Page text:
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A ‘Need’ Doesn’t Mean A Buying Decision

Submitted by on Monday, 15 June 2009

A prospect of one of my coaching clients – the sales manager of a small manufacturing company – joined our coaching call at the request of my client Joe. Joe wanted me to use my Buying Facilitation method on the manager to find out why he hadn’t purchased a sales training program after 6 months of conversation, given he had an ‘obvious need’, and the two of them had a ‘nice relationship’. I don’t know what my client told him to get onto the call, but the man showed up with great humor.

‘How are you currently training your sales folks?’ I asked.

“We’re not. We bring them together once a month, discuss product, and complain about not closing sales. And give each other advice.”

‘How is that working in terms of the results you’re getting? It must be working well or you wouldn’t be doing it.’ I continued.

“Sure. We’re doing our numbers, and have been reaching them consistently for years. So we’re fine.”

‘And, out of curiosity, what has stopped you from buying from Joe and actually adding some new skills training somewhere along the way?” I asked.

“My boss doesn’t believe it in. He says that we’re doing ok, and why fix something that isn’t broken. I’ve tried to convince him that we need some new skills, but he won’t hear of it. I got on the call this morning with you to see if you could call him and convince him.”

‘I can’t convince anyone – especially people who don’t think they have a need and see no problem with what they are doing. If he actively wanted to speak with me I could help him expand his range of choices. But first, I’m curious about why you’ve stayed in a relationship with Joe, and discussed the possibility of  hiring him to do a sales training with you if you knew you couldn’t buy any training from him,’ I said.

“We like each other. We’re in a relationship. Plus, you never know. We might get lucky.”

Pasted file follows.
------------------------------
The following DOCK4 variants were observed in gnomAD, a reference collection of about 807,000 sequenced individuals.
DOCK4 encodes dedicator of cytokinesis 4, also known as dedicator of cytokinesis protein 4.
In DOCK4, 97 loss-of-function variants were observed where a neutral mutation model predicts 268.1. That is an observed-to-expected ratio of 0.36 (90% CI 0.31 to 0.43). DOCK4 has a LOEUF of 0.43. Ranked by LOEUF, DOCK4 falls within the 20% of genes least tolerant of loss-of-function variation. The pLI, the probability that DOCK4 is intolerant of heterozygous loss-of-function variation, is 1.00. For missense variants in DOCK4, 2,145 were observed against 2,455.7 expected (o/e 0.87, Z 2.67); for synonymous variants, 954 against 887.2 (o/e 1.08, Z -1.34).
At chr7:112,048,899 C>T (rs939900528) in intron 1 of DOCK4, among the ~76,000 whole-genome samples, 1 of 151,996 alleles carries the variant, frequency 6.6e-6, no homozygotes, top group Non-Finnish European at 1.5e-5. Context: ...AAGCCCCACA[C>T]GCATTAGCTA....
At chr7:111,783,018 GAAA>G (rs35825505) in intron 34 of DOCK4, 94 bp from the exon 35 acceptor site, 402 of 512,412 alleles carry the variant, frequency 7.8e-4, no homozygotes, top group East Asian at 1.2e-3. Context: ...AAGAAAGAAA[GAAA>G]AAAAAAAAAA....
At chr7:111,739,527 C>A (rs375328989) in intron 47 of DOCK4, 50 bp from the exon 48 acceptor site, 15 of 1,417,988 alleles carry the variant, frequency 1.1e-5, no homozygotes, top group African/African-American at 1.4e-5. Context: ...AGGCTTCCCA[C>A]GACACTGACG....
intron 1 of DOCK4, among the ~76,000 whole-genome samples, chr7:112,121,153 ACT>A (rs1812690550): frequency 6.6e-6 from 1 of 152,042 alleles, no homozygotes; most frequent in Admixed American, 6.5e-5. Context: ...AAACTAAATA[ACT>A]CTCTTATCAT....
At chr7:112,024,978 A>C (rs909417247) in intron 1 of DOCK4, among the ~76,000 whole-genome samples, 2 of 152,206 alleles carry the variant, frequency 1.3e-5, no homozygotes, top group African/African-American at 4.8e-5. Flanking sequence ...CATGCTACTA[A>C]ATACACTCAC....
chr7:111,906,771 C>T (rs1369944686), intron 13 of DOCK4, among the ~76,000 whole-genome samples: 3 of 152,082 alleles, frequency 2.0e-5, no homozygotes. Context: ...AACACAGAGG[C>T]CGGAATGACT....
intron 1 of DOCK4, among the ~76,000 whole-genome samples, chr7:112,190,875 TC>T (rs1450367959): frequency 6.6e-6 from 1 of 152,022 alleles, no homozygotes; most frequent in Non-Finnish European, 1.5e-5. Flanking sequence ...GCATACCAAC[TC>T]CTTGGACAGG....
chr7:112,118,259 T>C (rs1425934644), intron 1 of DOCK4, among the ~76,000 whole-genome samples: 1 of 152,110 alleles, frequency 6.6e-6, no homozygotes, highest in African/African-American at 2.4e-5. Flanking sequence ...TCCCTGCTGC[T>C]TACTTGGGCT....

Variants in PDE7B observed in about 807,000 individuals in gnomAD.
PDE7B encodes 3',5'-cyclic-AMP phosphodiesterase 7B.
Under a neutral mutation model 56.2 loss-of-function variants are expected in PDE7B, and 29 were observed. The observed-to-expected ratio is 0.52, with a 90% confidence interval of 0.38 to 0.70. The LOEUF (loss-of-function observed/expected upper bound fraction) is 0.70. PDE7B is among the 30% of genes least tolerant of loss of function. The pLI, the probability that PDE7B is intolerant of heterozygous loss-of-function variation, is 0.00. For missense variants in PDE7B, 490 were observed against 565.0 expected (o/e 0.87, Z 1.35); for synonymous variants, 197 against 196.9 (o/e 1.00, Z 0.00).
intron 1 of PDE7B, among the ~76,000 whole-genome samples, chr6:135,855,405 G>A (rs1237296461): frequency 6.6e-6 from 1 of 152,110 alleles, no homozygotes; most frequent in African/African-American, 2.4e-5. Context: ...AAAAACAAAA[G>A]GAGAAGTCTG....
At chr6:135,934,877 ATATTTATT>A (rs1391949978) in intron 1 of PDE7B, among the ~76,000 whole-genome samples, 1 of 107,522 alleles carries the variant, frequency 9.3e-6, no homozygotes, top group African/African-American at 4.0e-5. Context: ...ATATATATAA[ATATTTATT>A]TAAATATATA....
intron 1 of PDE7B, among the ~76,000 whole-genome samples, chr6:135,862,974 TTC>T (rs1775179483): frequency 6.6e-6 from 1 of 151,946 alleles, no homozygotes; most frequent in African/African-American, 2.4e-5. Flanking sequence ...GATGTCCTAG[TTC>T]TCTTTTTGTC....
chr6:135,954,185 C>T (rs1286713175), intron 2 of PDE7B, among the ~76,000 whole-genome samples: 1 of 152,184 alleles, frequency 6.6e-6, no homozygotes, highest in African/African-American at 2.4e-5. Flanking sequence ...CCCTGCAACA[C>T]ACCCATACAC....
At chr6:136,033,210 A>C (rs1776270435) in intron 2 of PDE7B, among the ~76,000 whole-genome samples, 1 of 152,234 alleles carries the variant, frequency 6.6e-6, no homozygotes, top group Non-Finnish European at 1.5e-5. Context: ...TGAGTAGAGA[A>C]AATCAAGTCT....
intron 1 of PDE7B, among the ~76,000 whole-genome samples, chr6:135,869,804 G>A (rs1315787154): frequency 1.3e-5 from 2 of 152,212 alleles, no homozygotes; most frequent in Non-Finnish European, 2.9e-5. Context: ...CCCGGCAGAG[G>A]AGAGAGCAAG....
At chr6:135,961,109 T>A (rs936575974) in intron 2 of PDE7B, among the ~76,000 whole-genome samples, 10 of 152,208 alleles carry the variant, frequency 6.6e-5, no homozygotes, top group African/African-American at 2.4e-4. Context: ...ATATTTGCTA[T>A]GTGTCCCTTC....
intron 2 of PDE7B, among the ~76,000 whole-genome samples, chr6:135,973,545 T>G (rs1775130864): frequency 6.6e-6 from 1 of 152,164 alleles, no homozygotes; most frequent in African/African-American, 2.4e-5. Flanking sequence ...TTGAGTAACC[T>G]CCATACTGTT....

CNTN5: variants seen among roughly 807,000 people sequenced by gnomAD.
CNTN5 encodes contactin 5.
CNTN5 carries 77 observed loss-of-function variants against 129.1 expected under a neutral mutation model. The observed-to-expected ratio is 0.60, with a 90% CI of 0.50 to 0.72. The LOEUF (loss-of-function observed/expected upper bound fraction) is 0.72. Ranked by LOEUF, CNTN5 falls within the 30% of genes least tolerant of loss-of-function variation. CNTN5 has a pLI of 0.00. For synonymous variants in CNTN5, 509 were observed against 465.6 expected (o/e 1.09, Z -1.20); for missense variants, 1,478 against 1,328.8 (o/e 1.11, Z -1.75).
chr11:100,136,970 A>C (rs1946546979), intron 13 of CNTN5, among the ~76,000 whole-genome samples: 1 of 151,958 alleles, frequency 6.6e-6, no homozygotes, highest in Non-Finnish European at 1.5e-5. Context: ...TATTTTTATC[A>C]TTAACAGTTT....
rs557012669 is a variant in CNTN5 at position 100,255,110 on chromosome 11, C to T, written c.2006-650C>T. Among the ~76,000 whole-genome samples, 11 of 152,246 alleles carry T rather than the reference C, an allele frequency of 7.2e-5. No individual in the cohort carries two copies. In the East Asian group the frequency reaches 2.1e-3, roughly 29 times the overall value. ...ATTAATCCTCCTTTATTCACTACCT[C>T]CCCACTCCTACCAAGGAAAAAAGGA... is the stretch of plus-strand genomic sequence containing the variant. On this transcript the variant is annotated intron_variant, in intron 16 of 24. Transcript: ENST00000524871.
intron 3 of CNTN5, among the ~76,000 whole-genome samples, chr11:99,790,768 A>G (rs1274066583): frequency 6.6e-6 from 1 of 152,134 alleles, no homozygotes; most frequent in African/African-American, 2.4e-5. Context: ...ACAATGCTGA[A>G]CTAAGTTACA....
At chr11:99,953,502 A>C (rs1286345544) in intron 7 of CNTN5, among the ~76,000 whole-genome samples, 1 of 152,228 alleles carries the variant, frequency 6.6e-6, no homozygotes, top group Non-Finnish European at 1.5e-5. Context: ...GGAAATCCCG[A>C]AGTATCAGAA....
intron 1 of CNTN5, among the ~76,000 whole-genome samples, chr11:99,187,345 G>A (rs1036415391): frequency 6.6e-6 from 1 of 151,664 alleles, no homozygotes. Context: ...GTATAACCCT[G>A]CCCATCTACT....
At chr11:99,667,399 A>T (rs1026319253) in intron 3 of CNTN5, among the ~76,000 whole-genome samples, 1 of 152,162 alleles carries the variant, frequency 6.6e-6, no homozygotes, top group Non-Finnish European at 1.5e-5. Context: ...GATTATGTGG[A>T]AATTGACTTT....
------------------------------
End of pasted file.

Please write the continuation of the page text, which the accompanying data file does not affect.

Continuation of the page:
“And,” my client added, “I can tell he has a need, and I have the perfect solution, and I know they have money. I want to be there when his boss changes his mind.”

The Buyer Must Recognize A Need To Change

How many sales people are doing a ‘relationship’ sale, spending time learning about ‘need’ and ‘decision makers’, and pitching product, until the buyer ‘is ready’?  And then sitting and waiting, hoping the sale will close?

Using Buying Facilitation and Facilitative Questions, prospects can be led to recognize a need that they hadn’t recognized, or recognize the action steps they need to take en route to Excellence, or discover who else needs to  buy-in to choose a solution to purchase. A couple of generic examples taken out of their normal  sequencing:

How would you know when adding new skills would give you the results you deserve?

or

At what point would you consider adding new skills to the ones your folks are already using successfully?

Facilitative Questions, used correctly, might open up possibilities that didn’t originally occur to the prospect. But they are not using ‘convincing’ or any form of manipulation; they merely are a series of sequenced thinking guides that help the person recognize what they need to consider as they discover if new decisions are necessary.

Convincer strategies, charm, good information, and possible ‘need’ don’t help someone decide something different. And until someone recognizes the desire to have something they don’t, and the internal system/environment (the people, the way they run their business, etc.) is ready, willing, able to bring in something new, nothing will happen. No matter the need that we recognize. And ‘convincing’ is useless: we’ve tried for decades to ‘understand need’ and ‘be right’ and all it has gotten us is a 90% failure rate.

If Joe used Buying Facilitation, he could have facilitated a different conversation with his boss – and helped the boss work through any issues he had about what success might look like with additional skills. He even could have helped him work through his own ego issues (How would you know that an additional skill set would add to what you’re already doing so successfully, without compromising all of the hard work you’ve done?). But trying to convince, trying to offer rational details and reasons when the other person has their own version of reality, just doesn’t work.

Stop selling. Help the buyer decide how to buy based on their own mysterious criteria – not on the need you perceive that they have. It’s not about you or the need. It’s not about you understanding their criteria. It’s about you doing something totally different from selling: truly facilitating their own discovery of their buying criteria, and recognizing the elements they must address as they change. It’s a systems issue, not a need issue.

To learn more about facilitating buying decisions from the standpoint of the stages buyers must go through before a buying decision, go to: www.newsalesparadigm.com and see if anything there will help you learn more. As always, we’re here to answer your questions about how Buying Facilitation can be added to your sales skills and help you close more sales.

Also, have a look at this week’s posts. On a myriad of topics, the blog will give you the tools to do business with integrity.

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